One in three young employees believe that mental health sick days should be treated ‘separately’ compared to regular sick days.

In a study carried out by Viking, younger employees raised questions over their employer’s handling of sick days. Out of the 2,000 UK workers surveyed, 86% of 25-34-year olds said they feel under pressure to avoid taking days off due to illness.1

One in four people in the UK will experience a mental health problem each year according to Mind. Every week, one in six people in England will experience a common mental health issue such as anxiety or depression.

Reflecting on the statistics, Brian Hall, chief commercial officer at BHSF, said: “I think the issue is not about how the days are counted, but that employees feel the need to cover up the reason for absence.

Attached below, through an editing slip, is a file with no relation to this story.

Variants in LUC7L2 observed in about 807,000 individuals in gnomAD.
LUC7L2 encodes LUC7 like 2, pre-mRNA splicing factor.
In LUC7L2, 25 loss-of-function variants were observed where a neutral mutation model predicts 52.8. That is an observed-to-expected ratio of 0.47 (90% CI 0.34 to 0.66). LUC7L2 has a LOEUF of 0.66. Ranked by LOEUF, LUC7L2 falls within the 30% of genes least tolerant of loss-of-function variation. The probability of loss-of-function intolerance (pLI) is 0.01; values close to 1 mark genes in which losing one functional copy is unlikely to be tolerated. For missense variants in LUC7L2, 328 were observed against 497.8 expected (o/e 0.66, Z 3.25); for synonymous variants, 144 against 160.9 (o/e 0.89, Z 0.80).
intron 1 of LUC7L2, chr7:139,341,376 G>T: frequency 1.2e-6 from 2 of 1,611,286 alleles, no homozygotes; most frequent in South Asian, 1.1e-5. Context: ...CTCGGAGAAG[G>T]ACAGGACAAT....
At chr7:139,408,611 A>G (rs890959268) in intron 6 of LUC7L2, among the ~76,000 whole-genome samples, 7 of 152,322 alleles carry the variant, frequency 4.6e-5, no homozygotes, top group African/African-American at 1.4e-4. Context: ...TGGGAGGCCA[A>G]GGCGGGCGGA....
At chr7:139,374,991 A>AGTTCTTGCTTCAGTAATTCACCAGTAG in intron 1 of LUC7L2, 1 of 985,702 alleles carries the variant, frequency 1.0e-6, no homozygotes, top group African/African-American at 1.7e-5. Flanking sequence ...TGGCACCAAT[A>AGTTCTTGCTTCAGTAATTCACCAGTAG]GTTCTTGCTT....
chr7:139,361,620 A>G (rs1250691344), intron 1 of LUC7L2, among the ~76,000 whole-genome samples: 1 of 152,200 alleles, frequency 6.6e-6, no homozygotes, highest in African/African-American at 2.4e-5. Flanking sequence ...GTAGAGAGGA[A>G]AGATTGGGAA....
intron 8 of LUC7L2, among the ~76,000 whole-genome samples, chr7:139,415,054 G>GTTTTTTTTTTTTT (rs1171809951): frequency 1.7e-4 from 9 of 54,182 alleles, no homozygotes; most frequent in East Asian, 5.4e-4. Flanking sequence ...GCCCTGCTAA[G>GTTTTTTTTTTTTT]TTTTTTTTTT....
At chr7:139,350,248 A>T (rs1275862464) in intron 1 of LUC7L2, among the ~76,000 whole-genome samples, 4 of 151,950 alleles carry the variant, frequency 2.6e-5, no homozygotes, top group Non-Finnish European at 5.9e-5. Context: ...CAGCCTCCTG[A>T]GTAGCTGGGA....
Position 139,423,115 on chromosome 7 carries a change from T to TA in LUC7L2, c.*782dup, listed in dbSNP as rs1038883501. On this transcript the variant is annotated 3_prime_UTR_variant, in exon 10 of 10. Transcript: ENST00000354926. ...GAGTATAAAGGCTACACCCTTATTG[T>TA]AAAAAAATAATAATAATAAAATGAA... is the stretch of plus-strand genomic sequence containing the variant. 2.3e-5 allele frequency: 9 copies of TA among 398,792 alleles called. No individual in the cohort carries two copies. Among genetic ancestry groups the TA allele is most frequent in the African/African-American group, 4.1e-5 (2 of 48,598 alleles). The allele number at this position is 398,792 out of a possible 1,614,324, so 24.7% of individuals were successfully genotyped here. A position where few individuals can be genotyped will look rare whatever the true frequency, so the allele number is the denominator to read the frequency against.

“It’s really struck me, just how much bravery it takes for an employee to ask for help. It seems that our young rising stars see a request for help or an inability to cope as a real career risk, that’s unfair. We have to make it easier to ask and ensure the help on offer is relevant.”

Bob Huibers, marketing executive at Viking, said: “Businesses should be aware of the changing attitudes towards taking sick days. With absences falling to an all-time low, younger generations are forcing themselves into the office with colds, fevers, and poor mental health. Not only will this take its toll on employee’s health, but it will see a dip in productivity during office hours as well.”